ST. GEORGE — With the extreme drought conditions this year, the Utah Division of Wildlife Resources had to make several changes to fishing regulations and stocking. One thing that the DWR has been doing for years, however, is establishing conservation pools that help protect fish during drought years like this year.
The term “conservation pool” refers to water rights the DWR has purchased in various reservoirs around the state. Those water rights allow the DWR to keep a certain amount of water in the reservoirs, usually at a level sufficient to preserve the fishery.
The first conservation pool established in Utah was at Yankee Meadow Reservoir in 1940. Currently, the DWR has 34 conservation pools around Utah, totaling more than 40,000 acre feet of water. Other partner agencies, such as the U.S. Forest Service, own additional conservation pools in Utah.
Many of Utah’s reservoirs have a variety of water rights owners who each use the water in different ways. Some of the water in a reservoir may be used for agricultural irrigation, and some may be used for culinary water. The owners of these water rights can use all of their allocated water for the purpose they purchased the water for.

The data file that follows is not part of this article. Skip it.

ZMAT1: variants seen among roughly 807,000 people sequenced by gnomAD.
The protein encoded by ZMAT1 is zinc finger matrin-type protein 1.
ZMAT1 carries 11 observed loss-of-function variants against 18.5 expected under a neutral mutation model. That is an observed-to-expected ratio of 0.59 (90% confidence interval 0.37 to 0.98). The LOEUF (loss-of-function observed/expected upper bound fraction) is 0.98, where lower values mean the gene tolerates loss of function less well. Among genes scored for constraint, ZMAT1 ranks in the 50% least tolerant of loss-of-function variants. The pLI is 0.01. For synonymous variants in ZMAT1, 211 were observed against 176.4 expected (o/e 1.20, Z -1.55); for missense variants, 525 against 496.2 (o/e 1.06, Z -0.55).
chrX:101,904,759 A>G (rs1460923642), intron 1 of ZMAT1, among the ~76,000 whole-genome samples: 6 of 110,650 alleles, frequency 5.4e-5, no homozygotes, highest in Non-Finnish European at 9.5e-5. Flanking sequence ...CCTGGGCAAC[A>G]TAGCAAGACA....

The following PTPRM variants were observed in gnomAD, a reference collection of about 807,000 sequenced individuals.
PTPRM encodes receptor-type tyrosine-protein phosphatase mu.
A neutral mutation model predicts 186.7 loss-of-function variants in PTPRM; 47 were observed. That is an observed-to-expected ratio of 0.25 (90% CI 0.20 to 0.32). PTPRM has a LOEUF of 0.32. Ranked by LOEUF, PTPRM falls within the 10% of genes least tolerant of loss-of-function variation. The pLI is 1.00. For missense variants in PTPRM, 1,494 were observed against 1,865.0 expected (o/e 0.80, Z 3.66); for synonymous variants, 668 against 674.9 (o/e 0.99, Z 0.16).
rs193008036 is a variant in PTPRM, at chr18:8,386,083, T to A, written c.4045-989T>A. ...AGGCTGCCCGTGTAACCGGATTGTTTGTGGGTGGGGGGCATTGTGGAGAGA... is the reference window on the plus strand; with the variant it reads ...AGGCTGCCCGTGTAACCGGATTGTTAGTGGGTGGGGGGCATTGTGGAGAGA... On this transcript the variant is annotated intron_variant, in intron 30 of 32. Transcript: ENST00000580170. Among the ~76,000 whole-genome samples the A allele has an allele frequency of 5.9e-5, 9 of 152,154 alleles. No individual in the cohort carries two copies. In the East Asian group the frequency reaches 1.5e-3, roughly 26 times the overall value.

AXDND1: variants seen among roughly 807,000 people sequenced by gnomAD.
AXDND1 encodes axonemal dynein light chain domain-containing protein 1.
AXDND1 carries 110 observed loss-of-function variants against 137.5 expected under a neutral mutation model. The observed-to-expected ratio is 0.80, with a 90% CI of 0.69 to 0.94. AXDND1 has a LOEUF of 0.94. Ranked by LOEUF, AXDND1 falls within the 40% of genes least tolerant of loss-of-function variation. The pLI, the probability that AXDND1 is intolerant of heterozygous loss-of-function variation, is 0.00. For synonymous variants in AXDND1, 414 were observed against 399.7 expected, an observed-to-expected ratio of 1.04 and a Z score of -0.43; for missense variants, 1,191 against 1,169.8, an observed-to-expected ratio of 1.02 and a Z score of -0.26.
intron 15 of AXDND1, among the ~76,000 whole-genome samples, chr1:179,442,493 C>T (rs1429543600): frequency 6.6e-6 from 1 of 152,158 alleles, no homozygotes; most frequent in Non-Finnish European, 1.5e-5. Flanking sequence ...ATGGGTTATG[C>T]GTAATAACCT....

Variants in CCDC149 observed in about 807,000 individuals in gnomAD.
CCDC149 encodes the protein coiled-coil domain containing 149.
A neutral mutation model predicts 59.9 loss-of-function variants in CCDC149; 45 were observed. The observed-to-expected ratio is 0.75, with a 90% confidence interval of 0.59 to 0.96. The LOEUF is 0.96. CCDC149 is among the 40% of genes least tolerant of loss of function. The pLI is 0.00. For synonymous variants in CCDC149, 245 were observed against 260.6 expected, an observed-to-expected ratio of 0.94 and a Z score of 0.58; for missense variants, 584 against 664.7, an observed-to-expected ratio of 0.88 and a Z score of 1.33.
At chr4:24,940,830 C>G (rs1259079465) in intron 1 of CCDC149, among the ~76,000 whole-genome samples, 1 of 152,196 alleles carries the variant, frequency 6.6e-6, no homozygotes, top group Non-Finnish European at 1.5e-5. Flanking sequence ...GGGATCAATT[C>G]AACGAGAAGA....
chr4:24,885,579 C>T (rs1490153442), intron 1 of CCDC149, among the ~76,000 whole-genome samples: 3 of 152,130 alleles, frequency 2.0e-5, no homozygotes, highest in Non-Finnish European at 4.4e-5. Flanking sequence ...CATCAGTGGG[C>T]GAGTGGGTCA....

“Sometimes, in years like this where there is an extreme drought and water supplies are limited, all of the water in a reservoir can be depleted by the water rights owners,” DWR Sportfish Coordinator Randy Oplinger said in a press release. “Obviously when there is really low water or a reservoir is completely drained, that is not good for the fish in that waterbody.”
Conservation pools proactively prevent various waterbodies from being completely depleted during drought years.
“We call these conservation pools because the purpose of our water rights is literally to conserve and save the fish in that reservoir when water levels are low,” Oplinger said. “We try to purchase enough water so that in drought conditions, there will still be enough water to keep fish alive. Scofield, Sand Hollow, Minersville and Pelican Lake are some examples of waterbodies where we have conservation pools.”
However, while the DWR is working to expand these conservation pools as needed across the state, they don’t own water rights in all waterbodies because water rights are limited and not available in various areas. There are also some waterbodies that always maintain a consistent amount of water, so a conservation pool isn’t needed.
“We really like to do everything we can to proactively alleviate drought impacts to fish and wildlife, in order to maintain healthy populations,” Oplinger said. “While water rights are limited and only occasionally become available, we will continue to purchase more conservation pools in the future, when possible and necessary. Due to disease concerns and state law, we can’t move fish from a depleted waterbody to another waterbody, so these conservation pools are a great tool to help save fish during low water years.”
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